Now sir, how like you this course?
BASILISCO: Pretty, pretty, but not famous;
Well for a learner, but not for a warrior.
PISTON: By my faith, methought it was excellent.
BASILISCO: Aye, in the eye of an infant a peacock's tail is glorious. ... [I.3.190]
[Sound to the third course.]
PISTON: O, well run. The bay horse with the blue tail and the
silver knight are both down; by cock and pie, and mouse
foot, the Englishman is a fine knight.
BASILISCO: Now, by the marble face of the welkin,
He is a brave warrior.
PISTON: What an oath is there. Fie upon thee, extortioner.
BASILISCO: Now comes in the infant that courts my mistress.
[Sound to the fourth course.]
Oh that my lance were in my rest
And my beaver closed for this encounter.
PISTON: Oh, well ran. My master hath over-thrown the Turk. ... [I.3.200]
BASILISCO: Now fie upon the Turk.
To be dismounted by a child it vexeth me.
[Sound to the fifth course.]
PISTON: O, well run, master. He hath over-thrown the Frenchman.
BASILISCO: It is the fury of the horse, not the strength of his arm.
I would thou would'st remit my oath,
that I might assail thy master.
PISTON: I give thee leave; go to thy destruction. But sirrah,
where's thy horse?
BASILISCO: Why, my page stands holding him by the bridle.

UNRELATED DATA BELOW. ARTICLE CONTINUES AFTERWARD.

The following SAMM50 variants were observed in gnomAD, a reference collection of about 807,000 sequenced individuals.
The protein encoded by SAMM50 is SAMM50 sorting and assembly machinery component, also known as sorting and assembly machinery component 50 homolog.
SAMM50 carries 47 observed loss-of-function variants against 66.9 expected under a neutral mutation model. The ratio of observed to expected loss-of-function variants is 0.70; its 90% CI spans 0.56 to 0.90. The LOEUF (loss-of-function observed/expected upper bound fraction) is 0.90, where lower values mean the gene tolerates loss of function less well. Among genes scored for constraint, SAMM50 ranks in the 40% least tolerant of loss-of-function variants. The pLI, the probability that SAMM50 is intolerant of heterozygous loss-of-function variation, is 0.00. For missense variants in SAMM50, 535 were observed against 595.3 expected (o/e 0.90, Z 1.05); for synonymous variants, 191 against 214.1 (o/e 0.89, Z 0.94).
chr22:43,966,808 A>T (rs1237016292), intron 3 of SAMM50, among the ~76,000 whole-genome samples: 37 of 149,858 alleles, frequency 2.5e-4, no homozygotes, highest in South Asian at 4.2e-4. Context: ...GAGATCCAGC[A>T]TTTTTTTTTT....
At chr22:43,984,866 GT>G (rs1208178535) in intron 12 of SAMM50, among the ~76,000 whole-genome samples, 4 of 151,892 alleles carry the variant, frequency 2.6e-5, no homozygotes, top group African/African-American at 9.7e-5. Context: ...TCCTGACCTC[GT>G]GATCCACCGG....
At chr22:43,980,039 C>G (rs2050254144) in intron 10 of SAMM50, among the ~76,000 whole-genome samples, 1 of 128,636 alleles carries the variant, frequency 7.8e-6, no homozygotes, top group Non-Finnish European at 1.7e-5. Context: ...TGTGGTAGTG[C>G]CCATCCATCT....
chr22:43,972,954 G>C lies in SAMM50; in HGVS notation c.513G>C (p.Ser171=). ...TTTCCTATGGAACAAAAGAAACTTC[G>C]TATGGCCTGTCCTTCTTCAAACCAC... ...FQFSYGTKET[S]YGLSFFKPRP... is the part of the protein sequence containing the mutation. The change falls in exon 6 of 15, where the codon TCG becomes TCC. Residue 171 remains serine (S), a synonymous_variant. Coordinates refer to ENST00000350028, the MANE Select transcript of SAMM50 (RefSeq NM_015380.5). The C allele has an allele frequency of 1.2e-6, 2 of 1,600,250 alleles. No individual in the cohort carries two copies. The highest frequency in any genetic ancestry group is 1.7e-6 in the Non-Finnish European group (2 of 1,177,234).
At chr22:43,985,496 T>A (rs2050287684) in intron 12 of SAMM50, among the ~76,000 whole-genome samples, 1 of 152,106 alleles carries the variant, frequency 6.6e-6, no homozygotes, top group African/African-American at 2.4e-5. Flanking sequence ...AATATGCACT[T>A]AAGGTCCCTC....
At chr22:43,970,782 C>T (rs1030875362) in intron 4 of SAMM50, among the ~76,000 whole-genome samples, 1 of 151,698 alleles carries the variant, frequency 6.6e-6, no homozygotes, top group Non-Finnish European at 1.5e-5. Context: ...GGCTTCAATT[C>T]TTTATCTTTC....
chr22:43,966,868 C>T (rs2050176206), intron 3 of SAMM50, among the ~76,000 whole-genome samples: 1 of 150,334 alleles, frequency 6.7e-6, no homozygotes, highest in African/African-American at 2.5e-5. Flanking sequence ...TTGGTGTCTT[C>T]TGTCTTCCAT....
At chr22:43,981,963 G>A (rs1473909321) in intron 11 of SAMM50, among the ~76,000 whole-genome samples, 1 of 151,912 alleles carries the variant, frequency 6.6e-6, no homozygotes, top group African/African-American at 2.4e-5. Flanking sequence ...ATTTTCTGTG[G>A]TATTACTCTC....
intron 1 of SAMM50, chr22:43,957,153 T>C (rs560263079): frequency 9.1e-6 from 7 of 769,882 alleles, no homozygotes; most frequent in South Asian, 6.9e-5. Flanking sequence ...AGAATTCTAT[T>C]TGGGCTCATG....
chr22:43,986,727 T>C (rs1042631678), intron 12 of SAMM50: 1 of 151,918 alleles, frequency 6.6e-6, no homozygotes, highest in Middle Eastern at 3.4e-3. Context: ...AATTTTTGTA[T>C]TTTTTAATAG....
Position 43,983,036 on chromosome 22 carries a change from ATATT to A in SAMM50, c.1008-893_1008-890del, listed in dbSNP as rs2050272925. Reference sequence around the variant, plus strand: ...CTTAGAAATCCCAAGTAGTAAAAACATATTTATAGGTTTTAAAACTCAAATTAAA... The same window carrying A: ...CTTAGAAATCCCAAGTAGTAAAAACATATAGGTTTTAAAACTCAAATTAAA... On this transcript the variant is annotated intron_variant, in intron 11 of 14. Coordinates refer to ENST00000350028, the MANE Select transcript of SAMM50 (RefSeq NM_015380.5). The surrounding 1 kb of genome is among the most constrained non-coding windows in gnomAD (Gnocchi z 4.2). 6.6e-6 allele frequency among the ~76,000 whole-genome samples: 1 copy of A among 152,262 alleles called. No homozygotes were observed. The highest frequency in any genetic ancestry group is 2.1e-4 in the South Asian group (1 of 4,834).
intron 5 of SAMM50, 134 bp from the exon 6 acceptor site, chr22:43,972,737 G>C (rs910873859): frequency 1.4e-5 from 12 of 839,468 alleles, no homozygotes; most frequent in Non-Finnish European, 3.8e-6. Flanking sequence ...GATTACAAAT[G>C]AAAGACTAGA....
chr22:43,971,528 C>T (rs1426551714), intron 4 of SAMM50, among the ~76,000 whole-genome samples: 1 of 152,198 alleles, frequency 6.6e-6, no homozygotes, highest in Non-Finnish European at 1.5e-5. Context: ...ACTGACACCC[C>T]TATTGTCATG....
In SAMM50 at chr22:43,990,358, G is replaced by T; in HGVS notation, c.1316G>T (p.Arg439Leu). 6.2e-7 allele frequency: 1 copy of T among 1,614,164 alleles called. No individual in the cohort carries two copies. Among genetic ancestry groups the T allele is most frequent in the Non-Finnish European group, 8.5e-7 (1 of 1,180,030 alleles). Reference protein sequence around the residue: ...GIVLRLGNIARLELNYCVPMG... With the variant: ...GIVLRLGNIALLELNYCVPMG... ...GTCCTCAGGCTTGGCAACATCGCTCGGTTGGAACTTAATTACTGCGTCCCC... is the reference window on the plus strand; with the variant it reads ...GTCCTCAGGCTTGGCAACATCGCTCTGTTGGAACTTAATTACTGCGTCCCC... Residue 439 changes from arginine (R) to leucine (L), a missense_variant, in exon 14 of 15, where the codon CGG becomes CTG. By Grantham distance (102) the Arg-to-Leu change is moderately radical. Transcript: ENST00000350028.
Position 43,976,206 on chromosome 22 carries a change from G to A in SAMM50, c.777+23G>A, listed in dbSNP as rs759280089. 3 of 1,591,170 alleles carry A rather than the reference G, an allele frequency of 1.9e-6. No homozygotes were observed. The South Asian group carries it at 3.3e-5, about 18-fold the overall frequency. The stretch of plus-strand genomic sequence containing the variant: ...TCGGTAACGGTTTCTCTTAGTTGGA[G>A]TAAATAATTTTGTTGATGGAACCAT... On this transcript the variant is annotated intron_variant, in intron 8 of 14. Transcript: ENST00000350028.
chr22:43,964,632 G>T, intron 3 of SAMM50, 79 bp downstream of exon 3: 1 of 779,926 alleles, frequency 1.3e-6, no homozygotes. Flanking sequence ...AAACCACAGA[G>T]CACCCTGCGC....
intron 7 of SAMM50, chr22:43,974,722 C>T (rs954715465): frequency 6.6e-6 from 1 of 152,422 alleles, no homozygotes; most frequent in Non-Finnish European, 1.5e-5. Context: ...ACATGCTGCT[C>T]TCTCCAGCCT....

PISTON: Well, go; mount thee, go. ... [I.3.210]
BASILISCO: I go, and Fortune guide my lance. [Exit Basilisco.]
PISTON: Take the bragin'st knave in Christendom with thee. Truly,
I am sorry for him; he just like a knight? He'll jostle like
a jade. It is a world to hear the fool prate and brag;
he will jet as if it were a goose on a green. He goes
many times supperless to bed, and yet he takes physic to
make him lean. Last night he was bidden to a gentlewoman's
to supper, and because he would not be put to carve,
he wore his hand in a scarf and said he was wounded.
He wears a colored lath in his scabbard, and when 'twas ... [I.3.220]
found upon him, he said he was wrathful he might not
wear no iron. He wears civet, and when it was asked him
where he had that musk, he said all his kindred smelt so;
is not this a counterfeit fool? Well, I'll up and see how he
speeds. [Sound the sixth course.]
Now, by the faith of a squire, he is a very faint knight;
why, my master hath over-thrown him and his curtal both
to the ground. I shall have old laughing; it will be better
than the fox in the hole for me.
Scene I. 4
[Sound: Enter Philippo, the Prince of Cyprus, Erastus, Ferdinando, Lucina,
and all the Knights.]
CYPRUS: Brave Gentlemen, by all your free consents,
This knight unknown hath best demeaned himself;
According to the proclamation made,
The prize and honor of the day is his. --
But now unmask thyself, that we may see
What warlike wrinkles time has charactered
With age's print upon thy warlike face.
ENGLISHMAN: According to his request, brave man at arms,
And let me see the face that vanquished me.
FRENCHMAN: Unmask thyself, thou well-approved knight. ... [I.4.10]
TURK: I long to see thy face, brave warrior.
LUCINA: Nay, valiant sir, we may not be denied.
Fair ladies should be coy to show their faces,
Lest that the sun should tan them with his beams;
I'll be your page this once, for to disarm you.
PISTON: That's the reason that he shall help your husband
to arm his head. Oh, the policy of this age is